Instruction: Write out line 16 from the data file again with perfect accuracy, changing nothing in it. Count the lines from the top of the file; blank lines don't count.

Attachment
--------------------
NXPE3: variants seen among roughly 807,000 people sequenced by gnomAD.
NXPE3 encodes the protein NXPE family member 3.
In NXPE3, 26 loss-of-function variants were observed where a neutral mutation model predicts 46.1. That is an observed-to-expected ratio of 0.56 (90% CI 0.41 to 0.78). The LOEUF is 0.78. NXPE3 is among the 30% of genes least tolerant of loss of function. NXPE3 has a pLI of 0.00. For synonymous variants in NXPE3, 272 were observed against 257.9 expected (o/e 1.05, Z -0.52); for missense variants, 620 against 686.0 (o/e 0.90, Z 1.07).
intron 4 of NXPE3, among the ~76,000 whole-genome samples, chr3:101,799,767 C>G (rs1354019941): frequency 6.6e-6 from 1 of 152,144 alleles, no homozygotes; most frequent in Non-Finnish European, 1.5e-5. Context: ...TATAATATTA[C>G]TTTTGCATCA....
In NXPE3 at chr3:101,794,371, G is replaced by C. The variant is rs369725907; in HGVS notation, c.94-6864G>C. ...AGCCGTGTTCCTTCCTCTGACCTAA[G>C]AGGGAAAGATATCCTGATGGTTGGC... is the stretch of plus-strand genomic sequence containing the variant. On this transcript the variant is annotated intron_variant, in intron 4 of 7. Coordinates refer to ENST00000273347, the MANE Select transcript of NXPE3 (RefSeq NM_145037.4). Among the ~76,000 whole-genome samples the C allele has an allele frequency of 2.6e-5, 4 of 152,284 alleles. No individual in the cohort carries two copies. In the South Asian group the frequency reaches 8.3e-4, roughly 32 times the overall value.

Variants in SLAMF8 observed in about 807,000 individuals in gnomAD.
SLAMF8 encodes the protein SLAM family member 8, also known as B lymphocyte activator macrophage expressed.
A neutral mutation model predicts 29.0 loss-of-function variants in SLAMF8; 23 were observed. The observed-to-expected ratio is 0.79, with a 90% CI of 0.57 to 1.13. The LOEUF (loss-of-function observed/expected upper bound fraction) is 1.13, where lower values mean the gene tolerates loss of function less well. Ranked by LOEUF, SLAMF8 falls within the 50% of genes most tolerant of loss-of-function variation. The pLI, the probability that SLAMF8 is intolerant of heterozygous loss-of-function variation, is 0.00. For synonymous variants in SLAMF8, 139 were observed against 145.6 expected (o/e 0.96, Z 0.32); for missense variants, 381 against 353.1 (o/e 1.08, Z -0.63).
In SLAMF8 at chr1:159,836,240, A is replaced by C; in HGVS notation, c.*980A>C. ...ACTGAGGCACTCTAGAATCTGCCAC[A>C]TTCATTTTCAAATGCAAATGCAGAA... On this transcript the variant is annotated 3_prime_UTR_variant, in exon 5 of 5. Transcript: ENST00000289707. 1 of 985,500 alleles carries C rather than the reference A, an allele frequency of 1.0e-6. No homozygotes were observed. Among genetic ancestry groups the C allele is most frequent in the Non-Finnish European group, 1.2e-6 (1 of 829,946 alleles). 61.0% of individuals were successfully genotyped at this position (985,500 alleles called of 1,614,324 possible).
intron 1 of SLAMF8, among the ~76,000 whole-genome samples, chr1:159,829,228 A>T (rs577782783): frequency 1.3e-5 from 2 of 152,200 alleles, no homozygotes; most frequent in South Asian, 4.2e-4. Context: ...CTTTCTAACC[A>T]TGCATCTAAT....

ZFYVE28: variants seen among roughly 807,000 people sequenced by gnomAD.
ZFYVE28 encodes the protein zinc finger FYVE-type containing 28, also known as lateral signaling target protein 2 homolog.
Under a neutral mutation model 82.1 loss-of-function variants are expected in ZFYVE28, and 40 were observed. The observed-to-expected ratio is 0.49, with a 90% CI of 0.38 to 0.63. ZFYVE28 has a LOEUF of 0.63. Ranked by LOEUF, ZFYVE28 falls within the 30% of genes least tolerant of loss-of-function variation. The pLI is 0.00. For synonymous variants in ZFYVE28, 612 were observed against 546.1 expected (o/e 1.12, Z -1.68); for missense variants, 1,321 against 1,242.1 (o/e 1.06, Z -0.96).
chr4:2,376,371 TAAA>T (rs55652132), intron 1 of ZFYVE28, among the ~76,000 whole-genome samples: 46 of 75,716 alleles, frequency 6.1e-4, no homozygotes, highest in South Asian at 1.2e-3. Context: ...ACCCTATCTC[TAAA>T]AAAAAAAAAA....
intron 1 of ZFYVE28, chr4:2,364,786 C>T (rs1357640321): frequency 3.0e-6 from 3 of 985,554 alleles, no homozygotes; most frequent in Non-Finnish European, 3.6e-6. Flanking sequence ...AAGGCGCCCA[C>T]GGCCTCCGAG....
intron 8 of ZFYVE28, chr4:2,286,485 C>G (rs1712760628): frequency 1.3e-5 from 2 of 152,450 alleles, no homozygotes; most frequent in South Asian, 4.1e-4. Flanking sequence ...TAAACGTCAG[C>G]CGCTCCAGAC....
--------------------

intron 8 of ZFYVE28, chr4:2,286,485 C>G (rs1712760628): frequency 1.3e-5 from 2 of 152,450 alleles, no homozygotes; most frequent in South Asian, 4.1e-4. Flanking sequence ...TAAACGTCAG[C>G]CGCTCCAGAC....